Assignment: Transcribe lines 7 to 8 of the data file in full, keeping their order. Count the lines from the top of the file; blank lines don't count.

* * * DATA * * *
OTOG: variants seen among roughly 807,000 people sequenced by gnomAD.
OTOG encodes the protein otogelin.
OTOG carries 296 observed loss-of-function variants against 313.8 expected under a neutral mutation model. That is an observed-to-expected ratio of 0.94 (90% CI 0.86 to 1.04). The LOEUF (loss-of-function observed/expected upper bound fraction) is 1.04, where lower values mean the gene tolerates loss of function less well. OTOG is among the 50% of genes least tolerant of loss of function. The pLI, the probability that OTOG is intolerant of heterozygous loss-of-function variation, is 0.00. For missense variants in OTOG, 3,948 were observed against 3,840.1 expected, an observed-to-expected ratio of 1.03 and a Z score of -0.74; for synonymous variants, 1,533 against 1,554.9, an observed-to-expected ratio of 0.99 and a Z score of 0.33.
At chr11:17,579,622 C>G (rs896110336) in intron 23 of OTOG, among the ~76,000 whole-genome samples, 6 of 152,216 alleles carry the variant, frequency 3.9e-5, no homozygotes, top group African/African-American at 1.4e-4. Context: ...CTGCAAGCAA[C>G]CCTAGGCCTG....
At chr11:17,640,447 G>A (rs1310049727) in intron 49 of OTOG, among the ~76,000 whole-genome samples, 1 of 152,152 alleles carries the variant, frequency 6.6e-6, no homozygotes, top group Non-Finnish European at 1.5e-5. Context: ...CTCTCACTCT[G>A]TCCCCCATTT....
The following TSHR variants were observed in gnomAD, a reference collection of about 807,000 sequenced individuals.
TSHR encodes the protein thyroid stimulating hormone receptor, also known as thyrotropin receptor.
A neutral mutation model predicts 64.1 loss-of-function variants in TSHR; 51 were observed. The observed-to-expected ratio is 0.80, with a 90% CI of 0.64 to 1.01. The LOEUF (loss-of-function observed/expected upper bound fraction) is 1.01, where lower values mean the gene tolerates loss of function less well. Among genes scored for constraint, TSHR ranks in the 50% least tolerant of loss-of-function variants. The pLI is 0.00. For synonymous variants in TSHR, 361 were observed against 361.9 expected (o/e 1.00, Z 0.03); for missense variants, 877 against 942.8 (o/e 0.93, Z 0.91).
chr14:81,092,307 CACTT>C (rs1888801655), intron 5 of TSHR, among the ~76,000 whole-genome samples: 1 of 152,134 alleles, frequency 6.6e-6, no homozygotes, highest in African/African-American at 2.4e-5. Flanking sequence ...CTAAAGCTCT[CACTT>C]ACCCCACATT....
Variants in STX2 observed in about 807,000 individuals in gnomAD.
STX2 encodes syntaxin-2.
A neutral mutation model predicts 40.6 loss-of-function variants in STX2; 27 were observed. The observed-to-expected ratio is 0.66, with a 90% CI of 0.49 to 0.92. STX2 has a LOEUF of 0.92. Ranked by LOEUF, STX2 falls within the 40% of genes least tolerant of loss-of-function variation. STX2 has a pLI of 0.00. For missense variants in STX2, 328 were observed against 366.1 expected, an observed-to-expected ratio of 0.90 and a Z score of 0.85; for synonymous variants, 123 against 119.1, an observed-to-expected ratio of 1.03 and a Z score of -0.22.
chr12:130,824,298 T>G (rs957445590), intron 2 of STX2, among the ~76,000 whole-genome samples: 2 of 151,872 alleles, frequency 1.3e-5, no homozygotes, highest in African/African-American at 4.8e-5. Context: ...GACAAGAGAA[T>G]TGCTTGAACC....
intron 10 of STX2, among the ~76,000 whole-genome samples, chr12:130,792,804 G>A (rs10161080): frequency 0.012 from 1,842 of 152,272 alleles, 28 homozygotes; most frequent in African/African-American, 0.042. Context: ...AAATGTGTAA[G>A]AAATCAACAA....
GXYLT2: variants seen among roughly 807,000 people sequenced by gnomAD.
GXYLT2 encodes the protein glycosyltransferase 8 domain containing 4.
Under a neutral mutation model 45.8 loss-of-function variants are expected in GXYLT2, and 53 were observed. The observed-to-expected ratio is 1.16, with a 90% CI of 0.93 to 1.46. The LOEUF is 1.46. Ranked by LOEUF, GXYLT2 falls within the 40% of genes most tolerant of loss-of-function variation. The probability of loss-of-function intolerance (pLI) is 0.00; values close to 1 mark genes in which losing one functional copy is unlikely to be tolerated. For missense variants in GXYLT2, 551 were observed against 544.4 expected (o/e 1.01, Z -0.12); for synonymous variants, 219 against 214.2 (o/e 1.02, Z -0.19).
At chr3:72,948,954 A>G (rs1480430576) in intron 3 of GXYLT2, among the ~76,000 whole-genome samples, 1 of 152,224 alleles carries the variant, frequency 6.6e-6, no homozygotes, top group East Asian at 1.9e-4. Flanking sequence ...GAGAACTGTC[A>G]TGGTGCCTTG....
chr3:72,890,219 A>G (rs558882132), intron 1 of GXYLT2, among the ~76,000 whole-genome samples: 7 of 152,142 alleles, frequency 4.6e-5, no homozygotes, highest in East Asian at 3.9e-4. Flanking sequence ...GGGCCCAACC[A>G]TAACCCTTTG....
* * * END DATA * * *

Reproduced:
TSHR encodes the protein thyroid stimulating hormone receptor, also known as thyrotropin receptor.
A neutral mutation model predicts 64.1 loss-of-function variants in TSHR; 51 were observed. The observed-to-expected ratio is 0.80, with a 90% CI of 0.64 to 1.01. The LOEUF (loss-of-function observed/expected upper bound fraction) is 1.01, where lower values mean the gene tolerates loss of function less well. Among genes scored for constraint, TSHR ranks in the 50% least tolerant of loss-of-function variants. The pLI is 0.00. For synonymous variants in TSHR, 361 were observed against 361.9 expected (o/e 1.00, Z 0.03); for missense variants, 877 against 942.8 (o/e 0.93, Z 0.91).